One Thing After Another

By Dan Froomkin
Special to washingtonpost.com
Friday, April 18, 2008; 11:52 AM

Today is one of those days when public opinion and expert analysis seem to coalesce around a common theme: President Bush has made a terrible mess of things.

The latest data points include a poll that shows the public is profoundly unhappy about the economy and continued U.S. involvement in Iraq, a study from the Pentagon's premier military educational institute that describes the Iraq war as "a major debacle" whose outcome "is in doubt," and a government audit disclosing that the Bush administration lacks a comprehensive plan to combat terrorism in the parts of Pakistan where al-Qaeda is regenerating its ability to attack the United States.

As usual, of course, none of this permeates the Bush Bubble. When asked yesterday whether he saw any end in sight in Iraq, he responded: "So long as I'm the president, my measure of success is victory -- and success."

A Soured Public

Jennifer Agiesta and Jon Cohen write in The Washington Post: "The public's ratings of the national economy continue to sour, with assessments deteriorating faster than at any point in Washington Post-ABC News polling. Views on the Iraq war have also turned more negative, with six in 10 now rejecting the notion that the United States needs to win there to effectively battle terrorism.

"The economy and the Iraq war are the top two issues on voters' minds, according to the new Post-ABC poll, and worsening opinions of both may dampen GOP hopes for the November elections. . . .

"[M]ore than six in 10 say that the [Iraq] conflict is not integral to the success of U.S. anti-terrorism efforts. That is the most people to reject what is one of the Bush administration's central contentions and a core part of presumed GOP presidential nominee John McCain's stand on the issue.

"And for the first time since President Bush ordered additional troops to Iraq early last year, the number of Americans saying the United States is not making significant progress toward restoring civil order there has risen. Negative views of the war had eased steadily from late 2006 through early March of this year, but 57 percent in the new poll said efforts in Iraq have stalled, up six points.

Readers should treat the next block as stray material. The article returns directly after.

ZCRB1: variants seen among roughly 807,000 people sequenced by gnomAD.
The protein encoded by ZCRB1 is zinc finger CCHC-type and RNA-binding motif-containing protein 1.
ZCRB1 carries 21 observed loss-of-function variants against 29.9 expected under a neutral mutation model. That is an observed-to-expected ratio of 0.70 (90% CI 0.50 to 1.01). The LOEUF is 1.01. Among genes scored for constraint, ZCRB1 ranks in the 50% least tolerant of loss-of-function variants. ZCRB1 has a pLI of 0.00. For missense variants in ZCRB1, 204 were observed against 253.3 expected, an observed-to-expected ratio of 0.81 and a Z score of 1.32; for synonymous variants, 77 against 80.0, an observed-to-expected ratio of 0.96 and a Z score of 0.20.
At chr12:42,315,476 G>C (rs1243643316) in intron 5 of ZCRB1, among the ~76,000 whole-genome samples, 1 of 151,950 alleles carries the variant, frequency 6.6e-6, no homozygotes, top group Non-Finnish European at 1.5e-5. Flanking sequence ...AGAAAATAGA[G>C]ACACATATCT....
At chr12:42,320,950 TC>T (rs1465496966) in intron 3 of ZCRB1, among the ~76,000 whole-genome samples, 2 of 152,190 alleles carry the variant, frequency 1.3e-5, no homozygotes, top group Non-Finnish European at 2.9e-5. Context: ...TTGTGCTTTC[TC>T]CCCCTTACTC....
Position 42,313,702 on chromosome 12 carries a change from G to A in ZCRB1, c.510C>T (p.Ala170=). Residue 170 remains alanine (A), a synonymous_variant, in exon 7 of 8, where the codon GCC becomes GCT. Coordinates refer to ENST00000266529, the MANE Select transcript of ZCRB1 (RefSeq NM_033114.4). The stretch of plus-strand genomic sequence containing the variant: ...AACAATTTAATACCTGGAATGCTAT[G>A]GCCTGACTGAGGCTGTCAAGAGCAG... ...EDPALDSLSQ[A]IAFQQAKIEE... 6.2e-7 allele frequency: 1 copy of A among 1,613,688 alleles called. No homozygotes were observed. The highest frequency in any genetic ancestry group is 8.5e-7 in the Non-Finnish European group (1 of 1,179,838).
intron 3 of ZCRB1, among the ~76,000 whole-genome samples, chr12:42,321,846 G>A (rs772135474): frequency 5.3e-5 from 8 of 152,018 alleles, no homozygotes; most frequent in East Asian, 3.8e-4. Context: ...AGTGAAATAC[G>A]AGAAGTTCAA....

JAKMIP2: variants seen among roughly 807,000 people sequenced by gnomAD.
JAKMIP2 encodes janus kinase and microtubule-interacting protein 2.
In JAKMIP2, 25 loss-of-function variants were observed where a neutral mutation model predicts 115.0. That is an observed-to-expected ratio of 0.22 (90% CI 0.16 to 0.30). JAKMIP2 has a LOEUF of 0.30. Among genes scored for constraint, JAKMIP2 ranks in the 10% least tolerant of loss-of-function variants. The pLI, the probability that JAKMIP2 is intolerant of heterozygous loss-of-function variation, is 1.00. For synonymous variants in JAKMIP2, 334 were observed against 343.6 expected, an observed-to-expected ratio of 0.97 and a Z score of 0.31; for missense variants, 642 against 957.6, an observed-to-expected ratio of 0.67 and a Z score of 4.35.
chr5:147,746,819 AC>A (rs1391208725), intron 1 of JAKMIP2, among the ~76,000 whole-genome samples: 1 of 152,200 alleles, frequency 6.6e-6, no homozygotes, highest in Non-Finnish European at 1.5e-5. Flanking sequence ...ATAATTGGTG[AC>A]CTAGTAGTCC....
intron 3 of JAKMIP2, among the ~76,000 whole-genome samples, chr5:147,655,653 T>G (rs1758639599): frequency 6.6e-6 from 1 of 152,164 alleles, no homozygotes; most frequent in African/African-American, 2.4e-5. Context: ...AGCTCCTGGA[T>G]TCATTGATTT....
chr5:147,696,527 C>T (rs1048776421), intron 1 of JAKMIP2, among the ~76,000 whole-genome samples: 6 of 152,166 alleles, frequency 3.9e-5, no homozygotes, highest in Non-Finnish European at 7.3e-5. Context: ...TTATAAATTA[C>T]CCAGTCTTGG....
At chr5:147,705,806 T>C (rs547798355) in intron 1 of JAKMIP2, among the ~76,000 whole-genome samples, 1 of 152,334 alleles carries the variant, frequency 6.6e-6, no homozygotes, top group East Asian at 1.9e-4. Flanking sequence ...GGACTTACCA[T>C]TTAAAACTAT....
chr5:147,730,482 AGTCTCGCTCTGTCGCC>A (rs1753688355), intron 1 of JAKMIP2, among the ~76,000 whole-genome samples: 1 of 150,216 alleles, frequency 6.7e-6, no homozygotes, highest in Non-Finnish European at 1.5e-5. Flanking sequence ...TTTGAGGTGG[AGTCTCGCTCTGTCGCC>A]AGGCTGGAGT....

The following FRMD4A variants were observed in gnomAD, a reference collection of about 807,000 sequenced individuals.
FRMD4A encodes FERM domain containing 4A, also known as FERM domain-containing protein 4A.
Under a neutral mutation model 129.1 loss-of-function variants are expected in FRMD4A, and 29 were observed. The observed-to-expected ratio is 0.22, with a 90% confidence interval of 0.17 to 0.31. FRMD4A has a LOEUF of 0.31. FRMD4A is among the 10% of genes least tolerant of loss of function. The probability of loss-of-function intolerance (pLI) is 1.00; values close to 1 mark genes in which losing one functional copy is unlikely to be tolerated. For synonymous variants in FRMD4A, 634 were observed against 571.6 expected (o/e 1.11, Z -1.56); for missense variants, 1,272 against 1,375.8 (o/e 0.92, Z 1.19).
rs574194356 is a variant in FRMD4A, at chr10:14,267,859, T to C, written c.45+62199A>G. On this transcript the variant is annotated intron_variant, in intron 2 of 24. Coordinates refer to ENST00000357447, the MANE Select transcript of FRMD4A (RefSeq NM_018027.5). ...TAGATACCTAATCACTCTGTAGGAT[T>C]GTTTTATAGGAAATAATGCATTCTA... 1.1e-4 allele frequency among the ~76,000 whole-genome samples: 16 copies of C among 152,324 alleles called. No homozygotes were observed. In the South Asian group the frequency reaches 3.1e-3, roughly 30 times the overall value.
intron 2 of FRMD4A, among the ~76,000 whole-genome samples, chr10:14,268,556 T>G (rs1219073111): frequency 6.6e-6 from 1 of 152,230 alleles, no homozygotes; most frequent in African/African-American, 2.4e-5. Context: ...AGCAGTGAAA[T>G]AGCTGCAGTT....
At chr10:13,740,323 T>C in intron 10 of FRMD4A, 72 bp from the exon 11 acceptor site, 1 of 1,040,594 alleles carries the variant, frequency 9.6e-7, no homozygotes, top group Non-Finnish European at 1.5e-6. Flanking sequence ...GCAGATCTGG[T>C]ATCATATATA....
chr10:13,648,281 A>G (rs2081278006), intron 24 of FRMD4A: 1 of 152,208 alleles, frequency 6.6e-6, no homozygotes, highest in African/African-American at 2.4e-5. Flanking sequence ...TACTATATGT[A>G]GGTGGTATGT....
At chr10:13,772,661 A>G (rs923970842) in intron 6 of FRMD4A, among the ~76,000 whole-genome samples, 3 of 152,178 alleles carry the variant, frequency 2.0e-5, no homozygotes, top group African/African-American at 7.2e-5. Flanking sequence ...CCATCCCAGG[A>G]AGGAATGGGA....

"Moreover, while Bush remains committed to keeping more than 100,000 U.S. troops in Iraq through the rest of his presidency, 56 percent of Americans say the United States should withdraw its military forces to avoid further casualties. This has been the majority view since January 2007."

Here are the complete poll results.

What's particularly amazing to me is that even when asked a question that incorporates a pro-war assumption, the public still overwhelmingly favors withdrawal.

Given these options -- "Do you think the United States should keep its military forces in Iraq until civil order is restored there, even if that means continued U.S. military casualties" or "Do you think the United States should withdraw its military forces from Iraq in order to avoid further U.S. military casualties, even if that means civil order is not restored there?" -- 56 percent chose withdrawal, compared to 41 percent who think the troops should stay.

But the notion that keeping troops in Iraq will eventually lead to civil order may very well be a fantasy; indeed, there is a persuasive case to be made that keeping troops there is delaying national reconciliation -- while fueling anti-American rage and keeping our soldiers in harm's way.

The Debacle

Jonathan S. Landay and John Walcott write for McClatchy Newspapers: "The war in Iraq has become 'a major debacle' and the outcome 'is in doubt' despite improvements in security from the buildup in U.S. forces, according to a highly critical study published Thursday by the Pentagon's premier military educational institute.

"The report released by the National Defense University raises fresh doubts about President Bush's projections of a U.S. victory in Iraq just a week after Bush announced that he was suspending U.S. troop reductions.

The report carries considerable weight because it was written by Joseph Collins, a former senior Pentagon official, and was based in part on interviews with other former senior defense and intelligence officials who played roles in prewar preparations. . . .